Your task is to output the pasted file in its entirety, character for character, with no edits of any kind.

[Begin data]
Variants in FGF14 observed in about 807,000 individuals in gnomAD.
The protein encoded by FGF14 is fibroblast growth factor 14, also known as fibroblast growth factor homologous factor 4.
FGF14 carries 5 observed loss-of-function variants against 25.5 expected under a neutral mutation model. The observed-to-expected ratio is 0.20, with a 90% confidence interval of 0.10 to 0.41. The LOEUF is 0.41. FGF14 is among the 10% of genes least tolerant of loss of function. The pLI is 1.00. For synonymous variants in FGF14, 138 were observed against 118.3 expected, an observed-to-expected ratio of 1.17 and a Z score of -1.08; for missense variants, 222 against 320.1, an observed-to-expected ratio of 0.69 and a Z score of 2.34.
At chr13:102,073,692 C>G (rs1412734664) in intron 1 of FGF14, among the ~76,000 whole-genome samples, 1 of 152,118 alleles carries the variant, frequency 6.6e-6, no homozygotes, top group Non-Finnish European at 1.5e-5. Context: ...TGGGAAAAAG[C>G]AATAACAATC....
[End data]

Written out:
Variants in FGF14 observed in about 807,000 individuals in gnomAD.
The protein encoded by FGF14 is fibroblast growth factor 14, also known as fibroblast growth factor homologous factor 4.
FGF14 carries 5 observed loss-of-function variants against 25.5 expected under a neutral mutation model. The observed-to-expected ratio is 0.20, with a 90% confidence interval of 0.10 to 0.41. The LOEUF is 0.41. FGF14 is among the 10% of genes least tolerant of loss of function. The pLI is 1.00. For synonymous variants in FGF14, 138 were observed against 118.3 expected, an observed-to-expected ratio of 1.17 and a Z score of -1.08; for missense variants, 222 against 320.1, an observed-to-expected ratio of 0.69 and a Z score of 2.34.
At chr13:102,073,692 C>G (rs1412734664) in intron 1 of FGF14, among the ~76,000 whole-genome samples, 1 of 152,118 alleles carries the variant, frequency 6.6e-6, no homozygotes, top group Non-Finnish European at 1.5e-5. Context: ...TGGGAAAAAG[C>G]AATAACAATC....